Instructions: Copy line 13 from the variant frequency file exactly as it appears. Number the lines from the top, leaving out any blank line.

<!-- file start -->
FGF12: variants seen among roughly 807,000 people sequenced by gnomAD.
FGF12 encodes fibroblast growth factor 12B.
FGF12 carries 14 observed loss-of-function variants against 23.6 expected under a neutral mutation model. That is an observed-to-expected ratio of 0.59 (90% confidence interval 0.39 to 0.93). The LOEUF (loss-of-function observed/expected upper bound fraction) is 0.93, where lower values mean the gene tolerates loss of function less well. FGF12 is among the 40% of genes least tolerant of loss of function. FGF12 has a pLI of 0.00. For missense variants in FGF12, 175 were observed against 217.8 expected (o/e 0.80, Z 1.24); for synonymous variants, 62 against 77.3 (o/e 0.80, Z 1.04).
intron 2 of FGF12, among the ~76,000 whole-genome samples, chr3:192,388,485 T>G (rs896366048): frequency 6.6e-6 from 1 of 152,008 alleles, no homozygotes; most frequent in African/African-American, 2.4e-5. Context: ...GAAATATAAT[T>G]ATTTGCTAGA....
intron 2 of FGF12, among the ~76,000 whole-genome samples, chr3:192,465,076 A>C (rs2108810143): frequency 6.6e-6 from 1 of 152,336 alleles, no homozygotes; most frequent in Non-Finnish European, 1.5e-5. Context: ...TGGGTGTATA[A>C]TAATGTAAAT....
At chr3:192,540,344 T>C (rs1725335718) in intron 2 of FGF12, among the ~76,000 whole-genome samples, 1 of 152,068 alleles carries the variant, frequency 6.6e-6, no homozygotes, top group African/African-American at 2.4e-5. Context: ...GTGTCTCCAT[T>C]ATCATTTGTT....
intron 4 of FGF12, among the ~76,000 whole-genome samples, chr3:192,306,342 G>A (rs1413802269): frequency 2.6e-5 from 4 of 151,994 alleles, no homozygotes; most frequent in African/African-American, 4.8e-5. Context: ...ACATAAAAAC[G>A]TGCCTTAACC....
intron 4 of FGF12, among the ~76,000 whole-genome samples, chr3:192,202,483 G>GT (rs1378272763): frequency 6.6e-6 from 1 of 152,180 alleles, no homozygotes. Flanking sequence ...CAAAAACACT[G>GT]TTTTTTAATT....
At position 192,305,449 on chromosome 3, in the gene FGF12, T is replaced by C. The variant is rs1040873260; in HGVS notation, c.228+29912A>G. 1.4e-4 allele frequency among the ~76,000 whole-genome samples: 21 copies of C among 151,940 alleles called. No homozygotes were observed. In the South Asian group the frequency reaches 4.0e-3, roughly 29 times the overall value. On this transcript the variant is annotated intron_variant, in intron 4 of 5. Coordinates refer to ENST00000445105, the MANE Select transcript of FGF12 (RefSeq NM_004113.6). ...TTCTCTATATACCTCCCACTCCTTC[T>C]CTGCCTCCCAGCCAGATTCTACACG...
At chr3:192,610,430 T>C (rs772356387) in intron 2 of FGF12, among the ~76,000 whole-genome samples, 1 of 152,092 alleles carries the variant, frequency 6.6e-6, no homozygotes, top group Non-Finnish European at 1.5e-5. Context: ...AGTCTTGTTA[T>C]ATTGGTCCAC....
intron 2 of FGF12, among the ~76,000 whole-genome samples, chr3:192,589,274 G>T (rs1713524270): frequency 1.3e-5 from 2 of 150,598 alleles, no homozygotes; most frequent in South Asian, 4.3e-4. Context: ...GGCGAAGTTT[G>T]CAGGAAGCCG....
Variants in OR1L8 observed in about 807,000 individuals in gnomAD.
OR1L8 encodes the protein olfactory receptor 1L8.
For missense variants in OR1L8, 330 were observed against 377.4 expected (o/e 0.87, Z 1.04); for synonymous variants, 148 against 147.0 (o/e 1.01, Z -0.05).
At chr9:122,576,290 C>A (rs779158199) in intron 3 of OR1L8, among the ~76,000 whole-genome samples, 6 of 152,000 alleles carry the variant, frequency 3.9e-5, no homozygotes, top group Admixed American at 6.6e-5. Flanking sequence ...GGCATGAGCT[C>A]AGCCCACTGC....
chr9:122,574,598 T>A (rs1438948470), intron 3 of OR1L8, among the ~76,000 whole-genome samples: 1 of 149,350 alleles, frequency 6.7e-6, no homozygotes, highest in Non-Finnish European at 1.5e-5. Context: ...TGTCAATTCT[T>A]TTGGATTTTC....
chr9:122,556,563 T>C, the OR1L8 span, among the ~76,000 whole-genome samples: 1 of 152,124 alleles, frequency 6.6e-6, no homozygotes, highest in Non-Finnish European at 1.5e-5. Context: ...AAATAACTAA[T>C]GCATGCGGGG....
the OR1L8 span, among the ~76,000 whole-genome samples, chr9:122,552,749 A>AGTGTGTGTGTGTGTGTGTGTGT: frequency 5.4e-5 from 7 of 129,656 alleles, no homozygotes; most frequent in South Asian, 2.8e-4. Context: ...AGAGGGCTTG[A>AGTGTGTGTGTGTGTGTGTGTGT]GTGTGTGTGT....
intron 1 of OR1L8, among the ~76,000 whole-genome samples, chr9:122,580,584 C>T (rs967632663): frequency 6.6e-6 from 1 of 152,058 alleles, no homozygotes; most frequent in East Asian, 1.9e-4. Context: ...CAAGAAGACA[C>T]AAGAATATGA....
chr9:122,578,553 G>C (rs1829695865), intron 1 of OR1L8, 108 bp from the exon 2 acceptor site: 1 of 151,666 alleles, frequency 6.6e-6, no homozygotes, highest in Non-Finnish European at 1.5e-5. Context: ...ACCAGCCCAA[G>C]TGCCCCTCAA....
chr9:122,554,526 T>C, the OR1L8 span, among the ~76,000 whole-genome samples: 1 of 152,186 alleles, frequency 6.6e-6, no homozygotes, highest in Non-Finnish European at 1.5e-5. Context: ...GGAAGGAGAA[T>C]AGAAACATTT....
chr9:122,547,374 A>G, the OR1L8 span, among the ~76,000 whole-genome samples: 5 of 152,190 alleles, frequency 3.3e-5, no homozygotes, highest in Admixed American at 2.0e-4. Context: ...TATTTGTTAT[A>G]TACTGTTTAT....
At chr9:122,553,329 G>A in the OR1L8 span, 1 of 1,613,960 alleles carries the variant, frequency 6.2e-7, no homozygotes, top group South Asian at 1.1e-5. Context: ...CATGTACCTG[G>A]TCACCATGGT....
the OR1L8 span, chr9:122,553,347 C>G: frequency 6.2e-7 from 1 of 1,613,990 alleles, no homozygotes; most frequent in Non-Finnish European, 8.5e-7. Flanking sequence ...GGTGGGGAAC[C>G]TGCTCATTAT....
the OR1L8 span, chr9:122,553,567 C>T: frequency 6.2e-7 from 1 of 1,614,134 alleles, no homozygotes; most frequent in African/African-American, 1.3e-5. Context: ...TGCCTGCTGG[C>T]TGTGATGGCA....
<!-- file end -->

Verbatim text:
OR1L8 encodes the protein olfactory receptor 1L8.